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COVID-19: Monarch seeks lockdown extension

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Imo: Okada rider crushed while answering phone call

The Chairman of the Imo State Council of Traditional Rulers told the Federal Government on Sunday to extend the current lockdown as the total number of confirmed coronavirus cases in Nigeria nears the 10,000 mark.

Eze Samuel Ohiri made the appeal in an interview with the News Agency of Nigeria (NAN) in Abuja, saying the lockdown extension was necessary to avert the rapid spread of the deadly virus in rural communities.

Nigeria has currently recorded 9,855 confirmed cases of the virus, 553 of which were recorded in the past 24 hours.

Two hundred and seventy-five deaths have also been recorded with 2,856 people discharged after recovering from the disease, according to the Nigeria Centre for Disease Control.

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On March 4, President Muhammadu Buhari announced a nationwide lockdown to check the spread of the virus and extended the lockdown on May 4.

Ohiri, who is also the Chief Executive Officer of Hi-Tech Diagnostics Ltd., noted that the lockdown had isolated the deadly virus to only metropolitan areas.

“Any plan to relax the lockdown at this time is not advisable because it will trigger community transmission from the metropolitan areas to rural areas.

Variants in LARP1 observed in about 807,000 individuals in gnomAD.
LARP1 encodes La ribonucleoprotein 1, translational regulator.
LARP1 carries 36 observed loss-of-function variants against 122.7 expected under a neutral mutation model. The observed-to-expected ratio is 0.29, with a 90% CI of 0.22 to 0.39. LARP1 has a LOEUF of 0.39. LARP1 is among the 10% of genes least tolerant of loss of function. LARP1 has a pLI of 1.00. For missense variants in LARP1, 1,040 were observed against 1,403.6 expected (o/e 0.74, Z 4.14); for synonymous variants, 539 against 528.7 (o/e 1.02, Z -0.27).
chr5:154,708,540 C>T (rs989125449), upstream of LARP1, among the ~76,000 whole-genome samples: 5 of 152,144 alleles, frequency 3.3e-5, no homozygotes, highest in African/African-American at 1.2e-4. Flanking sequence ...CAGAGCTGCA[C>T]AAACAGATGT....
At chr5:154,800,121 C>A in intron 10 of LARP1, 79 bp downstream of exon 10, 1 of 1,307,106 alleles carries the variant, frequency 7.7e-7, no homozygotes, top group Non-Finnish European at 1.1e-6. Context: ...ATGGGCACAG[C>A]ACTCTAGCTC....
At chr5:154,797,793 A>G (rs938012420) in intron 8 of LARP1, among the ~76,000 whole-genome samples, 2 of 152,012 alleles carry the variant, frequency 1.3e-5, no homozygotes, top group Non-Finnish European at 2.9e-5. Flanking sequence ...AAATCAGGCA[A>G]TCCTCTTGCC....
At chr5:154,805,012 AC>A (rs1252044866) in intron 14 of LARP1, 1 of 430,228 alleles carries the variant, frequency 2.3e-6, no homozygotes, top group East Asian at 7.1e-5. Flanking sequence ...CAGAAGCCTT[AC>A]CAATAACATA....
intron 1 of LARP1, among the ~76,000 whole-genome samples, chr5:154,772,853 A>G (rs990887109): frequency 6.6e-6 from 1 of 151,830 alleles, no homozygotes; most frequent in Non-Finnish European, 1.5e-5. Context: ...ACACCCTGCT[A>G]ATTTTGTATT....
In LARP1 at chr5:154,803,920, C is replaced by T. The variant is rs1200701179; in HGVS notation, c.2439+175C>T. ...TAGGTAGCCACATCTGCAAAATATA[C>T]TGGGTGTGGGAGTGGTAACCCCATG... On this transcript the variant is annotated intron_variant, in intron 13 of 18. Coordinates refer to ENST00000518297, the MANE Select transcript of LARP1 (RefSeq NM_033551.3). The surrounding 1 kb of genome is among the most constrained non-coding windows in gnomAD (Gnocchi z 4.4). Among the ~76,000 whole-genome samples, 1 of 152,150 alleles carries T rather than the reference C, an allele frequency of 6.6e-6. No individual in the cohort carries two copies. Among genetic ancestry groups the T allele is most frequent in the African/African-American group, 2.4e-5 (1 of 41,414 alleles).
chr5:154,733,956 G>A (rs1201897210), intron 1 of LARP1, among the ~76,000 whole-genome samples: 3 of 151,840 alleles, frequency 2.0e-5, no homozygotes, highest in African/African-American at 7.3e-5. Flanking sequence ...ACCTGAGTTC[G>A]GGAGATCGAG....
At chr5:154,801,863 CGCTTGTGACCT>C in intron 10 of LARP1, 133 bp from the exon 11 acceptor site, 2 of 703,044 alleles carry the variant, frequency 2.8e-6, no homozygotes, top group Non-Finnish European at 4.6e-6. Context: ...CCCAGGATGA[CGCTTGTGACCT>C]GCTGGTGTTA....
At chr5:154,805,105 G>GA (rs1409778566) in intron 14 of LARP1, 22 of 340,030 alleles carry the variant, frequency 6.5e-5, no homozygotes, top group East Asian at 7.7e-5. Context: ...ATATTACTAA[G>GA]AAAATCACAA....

“Nigeria at the moment has lost over 200 lives to COVID-19 and we cannot afford to lose more. So let government not relax the lockdown for now.”

The monarch also lauded the Federal Government’s efforts so far in containing the virus, urging State Governments to sustain the restriction on inter-state movements.

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According to him, as soon the lockdown is lifted, inter-state movements will commence and community transmission will set in.

“A country like Ghana recorded unprecedented 60 per cent increase in COVID-19 infections after relaxing their lockdown.

“This disease is very deadly that even the survivors still suffer damage of one organ or the order, especially the lungs.”

The royal father, however, described speculations of conspiracy theory on COVID-19 as unfounded rumours, saying that proper education was required to prepare people against the virus.

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He emphasised the imperative of collective responsibility in the fight against the virus, saying that total adherence to safety measures was key to reducing spread.

Ohiri disclosed that his firm had manufactured testing kits for COVID-19 and that the kits were capable of showing results in five minutes.

NAN